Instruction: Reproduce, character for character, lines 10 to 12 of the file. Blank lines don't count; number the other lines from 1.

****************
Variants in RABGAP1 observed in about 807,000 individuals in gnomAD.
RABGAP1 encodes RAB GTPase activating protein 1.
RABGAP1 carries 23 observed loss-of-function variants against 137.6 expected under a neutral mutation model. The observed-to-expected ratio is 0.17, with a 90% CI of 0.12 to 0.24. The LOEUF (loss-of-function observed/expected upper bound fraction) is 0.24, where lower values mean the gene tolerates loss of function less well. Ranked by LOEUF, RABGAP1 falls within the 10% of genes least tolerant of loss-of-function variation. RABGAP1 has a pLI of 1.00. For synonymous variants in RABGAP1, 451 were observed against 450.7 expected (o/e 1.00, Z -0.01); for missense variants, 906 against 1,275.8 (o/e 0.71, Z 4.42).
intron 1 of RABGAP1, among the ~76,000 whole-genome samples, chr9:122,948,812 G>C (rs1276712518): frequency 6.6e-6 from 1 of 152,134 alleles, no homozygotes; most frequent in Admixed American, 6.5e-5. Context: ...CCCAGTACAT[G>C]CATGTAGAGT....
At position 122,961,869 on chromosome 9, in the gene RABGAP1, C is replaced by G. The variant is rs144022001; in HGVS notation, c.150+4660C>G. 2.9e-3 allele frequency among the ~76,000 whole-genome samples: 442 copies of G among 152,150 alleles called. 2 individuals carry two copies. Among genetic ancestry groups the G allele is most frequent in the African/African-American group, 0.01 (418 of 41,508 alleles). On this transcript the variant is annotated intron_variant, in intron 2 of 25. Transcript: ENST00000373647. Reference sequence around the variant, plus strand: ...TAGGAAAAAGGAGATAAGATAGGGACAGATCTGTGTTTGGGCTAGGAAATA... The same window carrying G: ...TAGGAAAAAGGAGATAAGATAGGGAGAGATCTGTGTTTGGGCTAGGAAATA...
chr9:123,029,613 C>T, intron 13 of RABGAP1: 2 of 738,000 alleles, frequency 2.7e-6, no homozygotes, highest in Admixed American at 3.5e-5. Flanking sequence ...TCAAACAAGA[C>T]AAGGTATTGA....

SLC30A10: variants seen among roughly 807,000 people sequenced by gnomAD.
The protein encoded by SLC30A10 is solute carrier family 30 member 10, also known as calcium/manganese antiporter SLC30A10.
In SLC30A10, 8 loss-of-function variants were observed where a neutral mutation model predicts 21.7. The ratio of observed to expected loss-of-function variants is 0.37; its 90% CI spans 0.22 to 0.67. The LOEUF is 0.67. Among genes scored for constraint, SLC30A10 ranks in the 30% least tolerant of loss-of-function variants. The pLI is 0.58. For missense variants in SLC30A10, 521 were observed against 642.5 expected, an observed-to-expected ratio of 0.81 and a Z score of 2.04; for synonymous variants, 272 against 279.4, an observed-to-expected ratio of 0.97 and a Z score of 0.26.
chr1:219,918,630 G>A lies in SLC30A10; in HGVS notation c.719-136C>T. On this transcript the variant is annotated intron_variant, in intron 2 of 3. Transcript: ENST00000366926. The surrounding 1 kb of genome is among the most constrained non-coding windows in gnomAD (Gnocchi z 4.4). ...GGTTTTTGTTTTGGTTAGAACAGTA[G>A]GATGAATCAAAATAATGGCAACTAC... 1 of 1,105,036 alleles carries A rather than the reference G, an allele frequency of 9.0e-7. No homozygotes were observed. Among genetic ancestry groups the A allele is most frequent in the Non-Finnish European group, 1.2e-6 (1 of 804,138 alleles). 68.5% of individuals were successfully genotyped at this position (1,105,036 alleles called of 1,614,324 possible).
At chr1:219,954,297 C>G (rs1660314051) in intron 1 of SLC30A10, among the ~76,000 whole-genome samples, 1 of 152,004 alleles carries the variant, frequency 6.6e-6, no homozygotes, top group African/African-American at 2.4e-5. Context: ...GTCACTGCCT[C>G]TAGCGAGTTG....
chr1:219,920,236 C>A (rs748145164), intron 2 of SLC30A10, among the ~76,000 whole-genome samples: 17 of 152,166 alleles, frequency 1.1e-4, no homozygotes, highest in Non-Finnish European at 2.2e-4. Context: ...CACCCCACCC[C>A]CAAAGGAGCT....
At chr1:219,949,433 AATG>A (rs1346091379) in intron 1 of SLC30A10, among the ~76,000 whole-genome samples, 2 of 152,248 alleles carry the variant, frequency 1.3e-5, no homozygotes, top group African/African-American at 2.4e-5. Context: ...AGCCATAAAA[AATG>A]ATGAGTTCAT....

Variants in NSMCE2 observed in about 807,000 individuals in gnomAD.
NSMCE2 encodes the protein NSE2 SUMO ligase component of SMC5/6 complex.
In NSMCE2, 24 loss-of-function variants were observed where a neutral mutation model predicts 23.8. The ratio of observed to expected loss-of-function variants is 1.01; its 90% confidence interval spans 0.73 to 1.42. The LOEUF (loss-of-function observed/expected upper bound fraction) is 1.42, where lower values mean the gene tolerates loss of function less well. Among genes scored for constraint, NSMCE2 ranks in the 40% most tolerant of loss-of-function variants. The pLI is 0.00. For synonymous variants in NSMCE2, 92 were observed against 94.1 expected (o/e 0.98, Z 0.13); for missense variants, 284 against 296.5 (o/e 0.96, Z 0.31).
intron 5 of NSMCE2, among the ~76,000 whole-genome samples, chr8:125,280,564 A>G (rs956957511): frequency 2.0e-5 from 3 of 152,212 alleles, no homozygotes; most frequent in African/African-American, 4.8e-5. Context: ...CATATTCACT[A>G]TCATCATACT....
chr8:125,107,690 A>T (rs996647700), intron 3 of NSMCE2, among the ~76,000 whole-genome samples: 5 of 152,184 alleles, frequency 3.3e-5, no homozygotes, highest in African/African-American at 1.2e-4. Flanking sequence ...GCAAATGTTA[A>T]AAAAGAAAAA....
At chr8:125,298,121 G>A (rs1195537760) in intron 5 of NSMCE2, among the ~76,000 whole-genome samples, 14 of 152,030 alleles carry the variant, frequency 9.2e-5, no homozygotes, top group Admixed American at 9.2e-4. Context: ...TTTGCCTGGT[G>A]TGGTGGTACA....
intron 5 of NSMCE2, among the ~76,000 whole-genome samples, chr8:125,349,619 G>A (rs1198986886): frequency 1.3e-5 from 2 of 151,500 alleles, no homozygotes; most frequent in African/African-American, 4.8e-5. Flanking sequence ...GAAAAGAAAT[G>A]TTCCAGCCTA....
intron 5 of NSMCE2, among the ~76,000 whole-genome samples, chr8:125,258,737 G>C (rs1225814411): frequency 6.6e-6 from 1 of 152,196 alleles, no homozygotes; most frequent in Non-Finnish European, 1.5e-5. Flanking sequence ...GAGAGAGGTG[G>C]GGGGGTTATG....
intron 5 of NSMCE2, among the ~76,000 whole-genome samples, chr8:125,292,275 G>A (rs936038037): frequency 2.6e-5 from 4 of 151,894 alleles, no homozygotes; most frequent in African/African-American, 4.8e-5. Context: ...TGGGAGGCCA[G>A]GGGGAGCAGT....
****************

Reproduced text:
chr1:219,918,630 G>A lies in SLC30A10; in HGVS notation c.719-136C>T. On this transcript the variant is annotated intron_variant, in intron 2 of 3. Transcript: ENST00000366926. The surrounding 1 kb of genome is among the most constrained non-coding windows in gnomAD (Gnocchi z 4.4). ...GGTTTTTGTTTTGGTTAGAACAGTA[G>A]GATGAATCAAAATAATGGCAACTAC... 1 of 1,105,036 alleles carries A rather than the reference G, an allele frequency of 9.0e-7. No homozygotes were observed. Among genetic ancestry groups the A allele is most frequent in the Non-Finnish European group, 1.2e-6 (1 of 804,138 alleles). 68.5% of individuals were successfully genotyped at this position (1,105,036 alleles called of 1,614,324 possible).
At chr1:219,954,297 C>G (rs1660314051) in intron 1 of SLC30A10, among the ~76,000 whole-genome samples, 1 of 152,004 alleles carries the variant, frequency 6.6e-6, no homozygotes, top group African/African-American at 2.4e-5. Context: ...GTCACTGCCT[C>G]TAGCGAGTTG....
chr1:219,920,236 C>A (rs748145164), intron 2 of SLC30A10, among the ~76,000 whole-genome samples: 17 of 152,166 alleles, frequency 1.1e-4, no homozygotes, highest in Non-Finnish European at 2.2e-4. Context: ...CACCCCACCC[C>A]CAAAGGAGCT....